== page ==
Genetic Risk Score May Lead to Earlier Ankylosing Spondylitis Diagnosis

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A genetic risk score may be clinically useful for the early diagnosis of ankylosing spondylitis.
A genetic risk score may be clinically useful for the early diagnosis of ankylosing spondylitis.

The following article is part of conference coverage from the 2018 American College of Rheumatology and Association of Rheumatology Health Professionals (ACR/ARHP) Annual Meeting in Chicago, Illinois. Rheumatology Advisor's staff will be reporting breaking news associated with research conducted by leading experts in rheumatology. Check back for the latest news from ACR/ARHP 2018 .

CHICAGO — A genetic risk score may be clinically useful for the early diagnosis of ankylosing spondylitis (AS), and incurs lower costs than current testing methods, according to data presented at the 2018 ACR/ARHP Annual Meeting, held October 19-24, in Chicago, Illinois.1

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Researchers from the Queensland University of Technology in Australia examined 2 genetic risk score models to determine its utility as an early diagnostic tool in AS. The first model was based on European descent samples, including 7742 patients with AS and 14,542 control patients. The second used East Asian descent samples, including 6001 patients with AS and 4943 control patients. Each profile included thousands of genetic variants.

The performance of the risk score was confirmed in European and East Asian populations, and in Turkish and Iranian cohorts. Investigators tested discriminatory capacity by receiver operating characteristic analysis, reported as area under the curve (AUC).

In the European risk score model, the AUC was 0.92, with 83% sensitivity and 92% specificity, compared with 0.87 using HLA-B27 status alone. In the East Asian risk score model, the AUC was 0.95, with 91% sensitivity and 95% specificity. Both models demonstrated moderate discriminatory capacity in the other ethnic groups (AUC, 0.85). Results were similar to the AUC for MRI imaging for patients with AS (AUC, 0.9).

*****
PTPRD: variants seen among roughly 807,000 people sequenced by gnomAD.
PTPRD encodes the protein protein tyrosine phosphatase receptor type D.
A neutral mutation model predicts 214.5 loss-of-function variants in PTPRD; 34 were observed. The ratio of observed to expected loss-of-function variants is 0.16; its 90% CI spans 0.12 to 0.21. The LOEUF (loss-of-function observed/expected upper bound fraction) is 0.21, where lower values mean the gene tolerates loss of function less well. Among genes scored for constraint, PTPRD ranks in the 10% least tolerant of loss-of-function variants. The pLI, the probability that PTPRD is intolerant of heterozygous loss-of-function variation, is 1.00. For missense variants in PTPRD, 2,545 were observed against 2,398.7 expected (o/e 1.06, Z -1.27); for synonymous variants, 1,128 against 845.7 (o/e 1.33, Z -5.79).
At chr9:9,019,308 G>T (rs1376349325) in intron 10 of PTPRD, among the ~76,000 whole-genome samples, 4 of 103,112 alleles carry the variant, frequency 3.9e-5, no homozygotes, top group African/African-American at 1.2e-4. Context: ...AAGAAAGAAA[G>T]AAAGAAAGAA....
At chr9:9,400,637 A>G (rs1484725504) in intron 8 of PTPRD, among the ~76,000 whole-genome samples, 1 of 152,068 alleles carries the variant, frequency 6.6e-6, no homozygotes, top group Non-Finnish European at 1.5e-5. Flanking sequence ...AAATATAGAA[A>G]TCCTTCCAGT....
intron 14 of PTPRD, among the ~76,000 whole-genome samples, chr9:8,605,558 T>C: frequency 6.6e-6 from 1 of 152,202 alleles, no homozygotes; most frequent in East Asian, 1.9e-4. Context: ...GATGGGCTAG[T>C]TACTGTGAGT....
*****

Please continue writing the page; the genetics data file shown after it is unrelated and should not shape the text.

“Our findings show that [a genetic risk score] has high discriminatory capacity and could be of clinical utility in early diagnosis at lower cost than MRI,” stated coauthor Zhixiu Li, PhD, research fellow, Queensland University of Technology Institute of Health and Biomedical Innovation. “In addition, AS [genetic risk score] could also be applied to identify individuals with high risk of developing AS before major symptoms appear. It could also be applied to patients with arthritic symptoms, but without a clear diagnosis.”2

“We think we can improve the [genetic risk score] further, and are working on optimizing it using different statistical approaches,” Dr Li added. “We also are looking at how [genetic risk score] performs when combined with other clinical features or test results to further improve the power of detecting AS patients. Even without these improvements, this test performs significantly better than the current genetic test used for AS, typing HLA-B27, yet it has a very similar cost. Therefore, I think it should be applied in the clinic now.”2

For more coverage of ACR/ARHP 2018, click here.

References

  1. Li Z, De Guzman E, Harris J, et al. Genetic risk score prediction in ankylosing spondylitis. Presented at: ACR/ARHP 2018 Annual Meeting; October 19-24, 2018; Chicago, IL. Abstract 836.
  2. Genetic risk score may identify ankylosing spondylitis earlier [news release]. Chicago, IL: American College of Rheumatology. Published October 20, 2018. Accessed October 20, 2018.

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